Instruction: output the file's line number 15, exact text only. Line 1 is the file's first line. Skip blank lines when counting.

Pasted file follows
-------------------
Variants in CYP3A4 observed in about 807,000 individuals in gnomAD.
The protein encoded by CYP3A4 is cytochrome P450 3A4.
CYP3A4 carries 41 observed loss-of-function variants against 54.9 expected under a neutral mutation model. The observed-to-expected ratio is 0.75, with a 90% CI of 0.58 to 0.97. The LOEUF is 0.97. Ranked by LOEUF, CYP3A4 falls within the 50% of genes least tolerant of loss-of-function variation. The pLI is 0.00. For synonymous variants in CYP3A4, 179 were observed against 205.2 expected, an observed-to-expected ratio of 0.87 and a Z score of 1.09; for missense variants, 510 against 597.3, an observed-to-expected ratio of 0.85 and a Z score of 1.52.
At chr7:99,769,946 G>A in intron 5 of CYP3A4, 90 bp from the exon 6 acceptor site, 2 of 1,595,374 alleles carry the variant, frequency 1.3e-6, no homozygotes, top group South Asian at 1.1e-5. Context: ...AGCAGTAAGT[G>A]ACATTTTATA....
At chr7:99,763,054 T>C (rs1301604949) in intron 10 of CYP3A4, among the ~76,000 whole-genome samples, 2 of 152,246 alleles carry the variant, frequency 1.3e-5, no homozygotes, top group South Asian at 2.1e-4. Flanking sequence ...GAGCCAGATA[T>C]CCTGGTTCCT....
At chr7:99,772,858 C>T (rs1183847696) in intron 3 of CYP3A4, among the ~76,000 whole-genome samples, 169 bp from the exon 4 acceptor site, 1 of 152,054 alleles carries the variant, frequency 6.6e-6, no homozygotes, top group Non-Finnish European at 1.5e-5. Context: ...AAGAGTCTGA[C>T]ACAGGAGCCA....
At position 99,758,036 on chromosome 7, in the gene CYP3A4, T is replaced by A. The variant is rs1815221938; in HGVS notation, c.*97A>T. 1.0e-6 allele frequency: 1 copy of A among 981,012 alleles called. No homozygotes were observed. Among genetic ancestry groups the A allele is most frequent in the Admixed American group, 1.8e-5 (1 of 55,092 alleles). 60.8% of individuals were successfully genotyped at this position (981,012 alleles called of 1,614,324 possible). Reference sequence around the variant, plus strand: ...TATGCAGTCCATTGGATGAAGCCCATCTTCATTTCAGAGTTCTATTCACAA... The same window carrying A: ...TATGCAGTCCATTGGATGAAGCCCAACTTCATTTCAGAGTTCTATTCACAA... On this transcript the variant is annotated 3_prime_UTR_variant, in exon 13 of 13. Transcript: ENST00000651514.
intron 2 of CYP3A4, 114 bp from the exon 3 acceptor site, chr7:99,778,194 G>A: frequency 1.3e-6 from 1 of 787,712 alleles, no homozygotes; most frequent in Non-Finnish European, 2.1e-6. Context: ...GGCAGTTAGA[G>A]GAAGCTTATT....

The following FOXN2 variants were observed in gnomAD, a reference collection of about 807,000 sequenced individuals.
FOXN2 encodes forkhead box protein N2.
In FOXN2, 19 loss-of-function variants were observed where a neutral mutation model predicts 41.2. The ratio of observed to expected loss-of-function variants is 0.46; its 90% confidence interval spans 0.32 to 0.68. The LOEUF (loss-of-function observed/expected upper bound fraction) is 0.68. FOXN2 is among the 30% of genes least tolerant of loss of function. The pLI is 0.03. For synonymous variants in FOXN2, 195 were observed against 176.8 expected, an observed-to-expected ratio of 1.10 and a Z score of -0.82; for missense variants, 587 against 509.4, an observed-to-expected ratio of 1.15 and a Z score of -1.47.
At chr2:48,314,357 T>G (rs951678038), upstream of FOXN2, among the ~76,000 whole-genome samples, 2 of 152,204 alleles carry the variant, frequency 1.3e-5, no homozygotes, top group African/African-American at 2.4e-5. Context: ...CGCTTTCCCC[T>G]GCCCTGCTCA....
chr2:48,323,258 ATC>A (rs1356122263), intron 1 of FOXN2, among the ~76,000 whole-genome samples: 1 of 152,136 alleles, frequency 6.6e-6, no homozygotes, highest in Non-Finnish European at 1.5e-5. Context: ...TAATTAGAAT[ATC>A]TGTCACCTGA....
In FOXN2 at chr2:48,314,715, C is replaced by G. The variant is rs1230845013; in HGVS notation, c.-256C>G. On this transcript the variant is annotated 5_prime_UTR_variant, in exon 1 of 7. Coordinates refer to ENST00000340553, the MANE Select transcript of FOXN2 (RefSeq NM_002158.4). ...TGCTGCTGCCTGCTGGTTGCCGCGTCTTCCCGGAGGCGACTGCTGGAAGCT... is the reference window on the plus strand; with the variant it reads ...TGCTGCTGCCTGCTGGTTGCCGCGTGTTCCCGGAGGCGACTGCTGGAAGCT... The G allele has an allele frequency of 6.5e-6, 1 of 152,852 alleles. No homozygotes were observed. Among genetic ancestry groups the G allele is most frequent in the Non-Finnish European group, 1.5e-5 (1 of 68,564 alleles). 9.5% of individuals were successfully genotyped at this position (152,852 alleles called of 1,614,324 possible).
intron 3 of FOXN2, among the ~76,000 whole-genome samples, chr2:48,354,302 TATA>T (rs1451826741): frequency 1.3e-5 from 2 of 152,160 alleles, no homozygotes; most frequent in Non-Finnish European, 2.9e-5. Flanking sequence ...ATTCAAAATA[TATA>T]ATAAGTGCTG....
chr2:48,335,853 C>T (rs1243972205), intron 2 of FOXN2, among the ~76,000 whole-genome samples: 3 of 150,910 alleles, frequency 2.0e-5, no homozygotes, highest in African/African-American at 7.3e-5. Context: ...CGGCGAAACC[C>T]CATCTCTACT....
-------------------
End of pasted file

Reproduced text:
intron 3 of FOXN2, among the ~76,000 whole-genome samples, chr2:48,354,302 TATA>T (rs1451826741): frequency 1.3e-5 from 2 of 152,160 alleles, no homozygotes; most frequent in Non-Finnish European, 2.9e-5. Flanking sequence ...ATTCAAAATA[TATA>T]ATAAGTGCTG....